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Archive for the ‘Blog’ Category

Could Scotland really be reduced to the status of a region?

Gerry Hassan

Scottish Review, January 18th 2017

When did present day Scotland begin? Not the ‘modern’ Scotland of post-war times, or the upside and then downside of Labour Scotland. But the land that we visibly live in today – shaped by the ghosts of industries long gone and the sins and excesses of Thatcher and Blair.

The conventional answer is 1979: the ‘Year Zero’ of Scottish sensibilities when, for many, the world was turned upside down with election of the Thatcher Government and the stalled first devolution referendum.

However, that is the view in retrospect. Thatcher didn’t unambiguously represent Thatcherism in 1979. Interestingly, most of Scotland’s non-Tory politicians and mainstream media didn’t represent it then the way we do now. For example ‘The Herald’ and ‘The Scotsman’ choose to interpret Thatcher’s first UK victory not in terms of the Scottish national dimension, but in British conventional left and right terms (neither of which were then as wedded to the constitutional debate as now).

In reality present day Scotland started somewhere between 1983 and 1987 – between the second Thatcher victory, the invention of the poll tax in 1985-86, and the third Thatcher victory in 1987: ‘the Doomsday scenario’ as it was called (meaning Scotland voted more Labour, but got a Tory Government based on English votes). Read the rest of this entry »

The Continuing Scottish Revolution: Time to Tell New Stories of Scotland

Scottish Review, January 10th 2017

Gerry Hassan

It has been an unprecedented political year, and 2017 will also be full of high drama – globally, across Europe, in the UK, and nearer to home in Scotland.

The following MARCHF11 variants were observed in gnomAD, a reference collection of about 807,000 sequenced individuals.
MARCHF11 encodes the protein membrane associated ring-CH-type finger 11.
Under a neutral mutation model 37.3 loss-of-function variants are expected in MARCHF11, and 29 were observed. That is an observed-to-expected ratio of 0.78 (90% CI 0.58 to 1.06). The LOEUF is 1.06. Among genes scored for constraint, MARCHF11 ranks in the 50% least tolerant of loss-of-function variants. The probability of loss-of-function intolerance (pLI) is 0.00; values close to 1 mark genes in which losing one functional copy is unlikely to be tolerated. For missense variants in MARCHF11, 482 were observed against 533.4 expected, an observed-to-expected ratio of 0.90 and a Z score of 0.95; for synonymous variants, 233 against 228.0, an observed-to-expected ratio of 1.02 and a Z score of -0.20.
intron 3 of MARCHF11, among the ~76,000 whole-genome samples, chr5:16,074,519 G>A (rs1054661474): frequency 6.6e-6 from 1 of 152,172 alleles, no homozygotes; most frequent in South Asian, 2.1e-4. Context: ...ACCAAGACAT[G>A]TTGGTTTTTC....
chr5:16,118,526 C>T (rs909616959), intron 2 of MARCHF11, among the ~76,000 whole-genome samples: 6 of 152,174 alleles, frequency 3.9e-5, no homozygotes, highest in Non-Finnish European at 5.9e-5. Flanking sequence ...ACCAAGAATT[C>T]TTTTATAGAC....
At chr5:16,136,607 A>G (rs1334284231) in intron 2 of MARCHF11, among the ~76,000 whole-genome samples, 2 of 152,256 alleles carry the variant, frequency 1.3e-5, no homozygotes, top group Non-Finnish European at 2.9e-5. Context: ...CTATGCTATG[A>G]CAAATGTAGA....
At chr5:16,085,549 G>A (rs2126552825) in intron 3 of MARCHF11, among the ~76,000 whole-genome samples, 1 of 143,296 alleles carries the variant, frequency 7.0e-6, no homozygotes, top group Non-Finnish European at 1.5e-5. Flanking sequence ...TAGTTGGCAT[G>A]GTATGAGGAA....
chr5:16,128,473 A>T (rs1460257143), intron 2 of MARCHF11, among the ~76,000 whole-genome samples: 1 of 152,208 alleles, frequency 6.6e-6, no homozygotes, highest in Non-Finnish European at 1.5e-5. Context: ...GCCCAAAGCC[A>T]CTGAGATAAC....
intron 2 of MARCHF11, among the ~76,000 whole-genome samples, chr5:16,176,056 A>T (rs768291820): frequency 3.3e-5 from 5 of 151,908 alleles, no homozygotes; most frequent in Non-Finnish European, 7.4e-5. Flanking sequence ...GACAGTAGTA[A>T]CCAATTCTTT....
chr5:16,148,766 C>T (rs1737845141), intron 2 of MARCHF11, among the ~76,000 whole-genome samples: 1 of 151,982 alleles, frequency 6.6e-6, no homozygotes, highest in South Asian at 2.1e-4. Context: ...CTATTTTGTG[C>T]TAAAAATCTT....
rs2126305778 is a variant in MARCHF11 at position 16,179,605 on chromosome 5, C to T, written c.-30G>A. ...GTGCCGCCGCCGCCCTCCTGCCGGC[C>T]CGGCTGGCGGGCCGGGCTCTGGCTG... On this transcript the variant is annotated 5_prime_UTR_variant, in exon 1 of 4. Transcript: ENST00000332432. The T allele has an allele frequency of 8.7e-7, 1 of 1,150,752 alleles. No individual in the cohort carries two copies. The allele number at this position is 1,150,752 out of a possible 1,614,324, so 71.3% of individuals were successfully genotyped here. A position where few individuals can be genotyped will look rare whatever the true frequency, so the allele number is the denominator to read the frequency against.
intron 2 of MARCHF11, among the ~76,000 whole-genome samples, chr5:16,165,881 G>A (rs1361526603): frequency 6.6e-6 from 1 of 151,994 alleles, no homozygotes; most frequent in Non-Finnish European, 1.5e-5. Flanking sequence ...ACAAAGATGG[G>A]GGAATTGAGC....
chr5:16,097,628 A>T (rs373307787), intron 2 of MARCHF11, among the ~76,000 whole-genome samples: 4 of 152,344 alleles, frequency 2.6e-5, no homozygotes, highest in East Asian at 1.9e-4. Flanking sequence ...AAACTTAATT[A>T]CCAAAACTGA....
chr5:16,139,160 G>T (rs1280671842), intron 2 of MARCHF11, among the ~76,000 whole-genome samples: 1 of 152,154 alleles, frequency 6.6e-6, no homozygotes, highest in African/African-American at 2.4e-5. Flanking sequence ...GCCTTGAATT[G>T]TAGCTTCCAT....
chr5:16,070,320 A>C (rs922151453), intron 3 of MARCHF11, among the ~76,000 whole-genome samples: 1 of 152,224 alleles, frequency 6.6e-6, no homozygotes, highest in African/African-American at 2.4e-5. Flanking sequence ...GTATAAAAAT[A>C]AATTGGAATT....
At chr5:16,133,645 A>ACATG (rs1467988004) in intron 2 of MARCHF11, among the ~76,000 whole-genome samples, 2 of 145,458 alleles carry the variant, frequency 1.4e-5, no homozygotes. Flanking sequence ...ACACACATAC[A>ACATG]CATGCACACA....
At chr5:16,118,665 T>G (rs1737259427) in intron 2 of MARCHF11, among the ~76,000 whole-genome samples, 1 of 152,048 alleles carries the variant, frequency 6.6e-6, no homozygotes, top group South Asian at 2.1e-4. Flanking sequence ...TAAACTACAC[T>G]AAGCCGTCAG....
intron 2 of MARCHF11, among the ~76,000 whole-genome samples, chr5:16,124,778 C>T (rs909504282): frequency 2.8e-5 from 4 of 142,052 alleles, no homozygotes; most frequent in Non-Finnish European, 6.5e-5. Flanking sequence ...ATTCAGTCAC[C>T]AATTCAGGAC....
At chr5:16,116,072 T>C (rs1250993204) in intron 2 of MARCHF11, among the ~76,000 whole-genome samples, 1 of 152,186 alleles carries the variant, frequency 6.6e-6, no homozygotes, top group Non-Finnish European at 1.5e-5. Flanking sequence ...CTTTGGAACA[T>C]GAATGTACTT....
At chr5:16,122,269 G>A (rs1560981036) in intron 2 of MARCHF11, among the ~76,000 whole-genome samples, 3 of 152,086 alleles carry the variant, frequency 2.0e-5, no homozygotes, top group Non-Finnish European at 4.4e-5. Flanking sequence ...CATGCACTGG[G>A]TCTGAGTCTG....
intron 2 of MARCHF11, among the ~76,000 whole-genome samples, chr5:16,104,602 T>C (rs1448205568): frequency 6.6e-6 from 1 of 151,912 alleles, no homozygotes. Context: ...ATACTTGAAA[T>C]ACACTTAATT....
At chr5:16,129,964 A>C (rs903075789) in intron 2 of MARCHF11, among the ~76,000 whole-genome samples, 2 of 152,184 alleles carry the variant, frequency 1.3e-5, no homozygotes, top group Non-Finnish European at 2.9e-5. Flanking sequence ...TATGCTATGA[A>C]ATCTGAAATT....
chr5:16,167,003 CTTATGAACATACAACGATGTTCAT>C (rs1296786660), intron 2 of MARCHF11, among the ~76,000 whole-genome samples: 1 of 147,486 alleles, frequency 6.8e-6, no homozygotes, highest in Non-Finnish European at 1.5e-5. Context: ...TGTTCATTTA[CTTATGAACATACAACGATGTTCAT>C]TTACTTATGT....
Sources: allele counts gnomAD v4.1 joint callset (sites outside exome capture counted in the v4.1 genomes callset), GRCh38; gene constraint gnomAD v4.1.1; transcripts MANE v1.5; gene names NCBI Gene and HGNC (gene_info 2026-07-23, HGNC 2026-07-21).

Politics isn’t everything. Just as important is culture – a word used and over-used, seemingly about everything and everywhere, but difficult, and sometimes impossible to pin down and define.

Culture when we forensically examine it can mean so many things. It can describe individual growth and enrichment. It can be about a group or community’s way of life. It expresses the activities of consuming culture. And finally, it is also used to define the way groups and organisations act and the codes and practices which shape them.

The many facets of culture and the propensity not to define then can be seen in our nation. We have a politics which is meant to be all-encompassing, but often evades detail and substance. Reinforcing this is a widespread characteristic of not wanting to define Scottish culture – for fear of ghettoising and marginalising. Read the rest of this entry »

MY FAVOURITE BOOKS OF 2016

December 19th 2016

The political upheavals of 2016 will be captured for many years to come through books and publishing. I enjoyed my wide reading over the year, while still feeling that events and crises were racing ahead of publishers and writers.

I revelled in researching and writing my own book – Scotland the Bold – on the country, its politics, culture and ideas and prospects for change. Writing at book length always gives you permission and discipline to read widely – and beyond narrow subject categorisation – which is a joy. Anyway, without further to do, here are my highlights of the year …..